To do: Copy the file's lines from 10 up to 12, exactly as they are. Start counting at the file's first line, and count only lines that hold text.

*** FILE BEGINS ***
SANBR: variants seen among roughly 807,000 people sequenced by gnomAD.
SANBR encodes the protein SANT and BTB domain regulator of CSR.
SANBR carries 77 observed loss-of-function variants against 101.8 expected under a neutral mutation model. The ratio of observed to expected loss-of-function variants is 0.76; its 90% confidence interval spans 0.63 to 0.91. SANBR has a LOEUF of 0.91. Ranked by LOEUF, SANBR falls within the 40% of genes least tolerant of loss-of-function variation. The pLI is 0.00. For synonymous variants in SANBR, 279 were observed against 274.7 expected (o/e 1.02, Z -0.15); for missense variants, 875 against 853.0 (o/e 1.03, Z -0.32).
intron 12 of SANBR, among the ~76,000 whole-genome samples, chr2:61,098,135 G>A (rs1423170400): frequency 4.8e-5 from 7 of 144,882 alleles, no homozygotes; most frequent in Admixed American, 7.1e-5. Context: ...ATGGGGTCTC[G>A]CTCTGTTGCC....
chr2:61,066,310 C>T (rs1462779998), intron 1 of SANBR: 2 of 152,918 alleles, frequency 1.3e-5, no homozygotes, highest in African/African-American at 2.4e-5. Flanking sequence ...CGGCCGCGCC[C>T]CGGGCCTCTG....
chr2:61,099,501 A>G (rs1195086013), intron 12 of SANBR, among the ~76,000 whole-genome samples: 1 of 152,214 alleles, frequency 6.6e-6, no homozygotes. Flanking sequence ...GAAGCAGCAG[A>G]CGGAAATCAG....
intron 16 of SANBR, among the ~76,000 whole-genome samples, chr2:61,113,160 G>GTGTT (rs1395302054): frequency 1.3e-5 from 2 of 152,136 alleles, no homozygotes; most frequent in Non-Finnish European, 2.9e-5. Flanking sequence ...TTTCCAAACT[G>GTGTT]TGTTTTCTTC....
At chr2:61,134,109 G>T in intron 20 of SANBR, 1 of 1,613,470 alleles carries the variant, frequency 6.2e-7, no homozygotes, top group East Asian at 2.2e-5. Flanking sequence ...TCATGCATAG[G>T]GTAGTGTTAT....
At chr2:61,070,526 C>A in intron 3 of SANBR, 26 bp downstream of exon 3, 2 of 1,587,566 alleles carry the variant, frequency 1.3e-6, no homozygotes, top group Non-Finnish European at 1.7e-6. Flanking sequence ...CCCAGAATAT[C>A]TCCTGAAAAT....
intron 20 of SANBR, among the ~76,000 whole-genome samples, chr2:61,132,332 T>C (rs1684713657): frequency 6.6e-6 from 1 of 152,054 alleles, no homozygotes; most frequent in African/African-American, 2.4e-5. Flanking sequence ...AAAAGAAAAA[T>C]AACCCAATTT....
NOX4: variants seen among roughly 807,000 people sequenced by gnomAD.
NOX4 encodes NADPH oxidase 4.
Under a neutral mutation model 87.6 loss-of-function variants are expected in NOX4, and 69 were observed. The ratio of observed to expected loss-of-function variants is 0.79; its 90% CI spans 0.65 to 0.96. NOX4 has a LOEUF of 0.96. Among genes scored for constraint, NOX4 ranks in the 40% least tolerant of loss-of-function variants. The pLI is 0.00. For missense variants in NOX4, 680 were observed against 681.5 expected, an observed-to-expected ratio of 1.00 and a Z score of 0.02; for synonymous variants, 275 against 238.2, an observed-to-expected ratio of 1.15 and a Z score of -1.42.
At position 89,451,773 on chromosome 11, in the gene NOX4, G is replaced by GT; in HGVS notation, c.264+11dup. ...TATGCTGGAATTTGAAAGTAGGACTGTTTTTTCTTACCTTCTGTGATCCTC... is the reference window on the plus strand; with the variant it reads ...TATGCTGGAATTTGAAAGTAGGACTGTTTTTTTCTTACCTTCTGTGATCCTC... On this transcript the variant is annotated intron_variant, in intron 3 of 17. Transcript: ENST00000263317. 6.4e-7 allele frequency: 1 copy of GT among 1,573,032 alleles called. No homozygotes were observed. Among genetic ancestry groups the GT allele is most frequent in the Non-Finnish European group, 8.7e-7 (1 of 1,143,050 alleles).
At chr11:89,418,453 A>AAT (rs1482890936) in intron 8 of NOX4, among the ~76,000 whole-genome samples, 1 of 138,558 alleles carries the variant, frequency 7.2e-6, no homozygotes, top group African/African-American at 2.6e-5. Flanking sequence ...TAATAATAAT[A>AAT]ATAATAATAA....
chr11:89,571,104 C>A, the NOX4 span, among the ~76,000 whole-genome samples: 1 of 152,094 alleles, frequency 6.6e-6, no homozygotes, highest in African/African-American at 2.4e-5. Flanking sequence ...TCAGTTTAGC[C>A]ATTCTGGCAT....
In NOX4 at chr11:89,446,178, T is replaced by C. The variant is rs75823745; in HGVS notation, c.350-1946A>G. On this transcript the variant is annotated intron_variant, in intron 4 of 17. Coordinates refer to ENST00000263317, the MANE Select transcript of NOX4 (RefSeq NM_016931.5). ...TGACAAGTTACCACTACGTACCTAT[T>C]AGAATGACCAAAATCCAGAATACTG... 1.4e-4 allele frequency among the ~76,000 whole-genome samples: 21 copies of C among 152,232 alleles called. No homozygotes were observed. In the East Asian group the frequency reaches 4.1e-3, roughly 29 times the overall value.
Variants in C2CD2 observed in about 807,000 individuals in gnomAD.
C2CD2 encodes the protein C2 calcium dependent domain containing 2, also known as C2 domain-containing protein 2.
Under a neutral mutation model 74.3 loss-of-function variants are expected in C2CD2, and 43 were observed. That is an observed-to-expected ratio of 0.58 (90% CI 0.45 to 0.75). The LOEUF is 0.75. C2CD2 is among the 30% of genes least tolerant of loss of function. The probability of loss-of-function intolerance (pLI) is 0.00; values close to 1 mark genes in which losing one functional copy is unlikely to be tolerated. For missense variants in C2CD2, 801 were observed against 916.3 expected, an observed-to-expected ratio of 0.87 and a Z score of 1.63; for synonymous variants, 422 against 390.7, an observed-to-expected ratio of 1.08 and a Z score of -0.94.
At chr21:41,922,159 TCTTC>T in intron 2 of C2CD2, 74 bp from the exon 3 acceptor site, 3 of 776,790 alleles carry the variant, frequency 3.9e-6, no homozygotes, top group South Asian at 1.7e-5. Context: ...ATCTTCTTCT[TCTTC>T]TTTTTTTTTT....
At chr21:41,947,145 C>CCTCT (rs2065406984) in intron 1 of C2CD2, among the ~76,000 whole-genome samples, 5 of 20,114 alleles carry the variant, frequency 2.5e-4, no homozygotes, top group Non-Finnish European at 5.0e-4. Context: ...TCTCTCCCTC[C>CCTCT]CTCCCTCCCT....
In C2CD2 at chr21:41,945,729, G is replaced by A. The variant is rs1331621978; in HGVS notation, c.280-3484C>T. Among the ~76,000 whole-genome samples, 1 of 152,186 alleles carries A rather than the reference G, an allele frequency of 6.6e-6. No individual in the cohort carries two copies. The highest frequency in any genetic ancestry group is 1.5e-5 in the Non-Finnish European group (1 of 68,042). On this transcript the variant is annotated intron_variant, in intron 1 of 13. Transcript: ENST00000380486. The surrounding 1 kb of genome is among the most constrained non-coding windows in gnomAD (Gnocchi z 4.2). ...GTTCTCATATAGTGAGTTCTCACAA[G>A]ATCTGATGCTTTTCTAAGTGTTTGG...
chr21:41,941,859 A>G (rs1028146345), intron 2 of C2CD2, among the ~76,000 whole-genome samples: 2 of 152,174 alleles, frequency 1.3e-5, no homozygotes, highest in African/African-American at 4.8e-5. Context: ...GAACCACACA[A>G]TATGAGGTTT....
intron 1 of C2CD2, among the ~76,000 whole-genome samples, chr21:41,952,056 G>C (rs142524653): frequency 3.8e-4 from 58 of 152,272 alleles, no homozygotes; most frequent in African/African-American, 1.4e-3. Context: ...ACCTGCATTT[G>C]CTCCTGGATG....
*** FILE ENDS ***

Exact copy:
intron 20 of SANBR, among the ~76,000 whole-genome samples, chr2:61,132,332 T>C (rs1684713657): frequency 6.6e-6 from 1 of 152,054 alleles, no homozygotes; most frequent in African/African-American, 2.4e-5. Flanking sequence ...AAAAGAAAAA[T>C]AACCCAATTT....
NOX4: variants seen among roughly 807,000 people sequenced by gnomAD.
NOX4 encodes NADPH oxidase 4.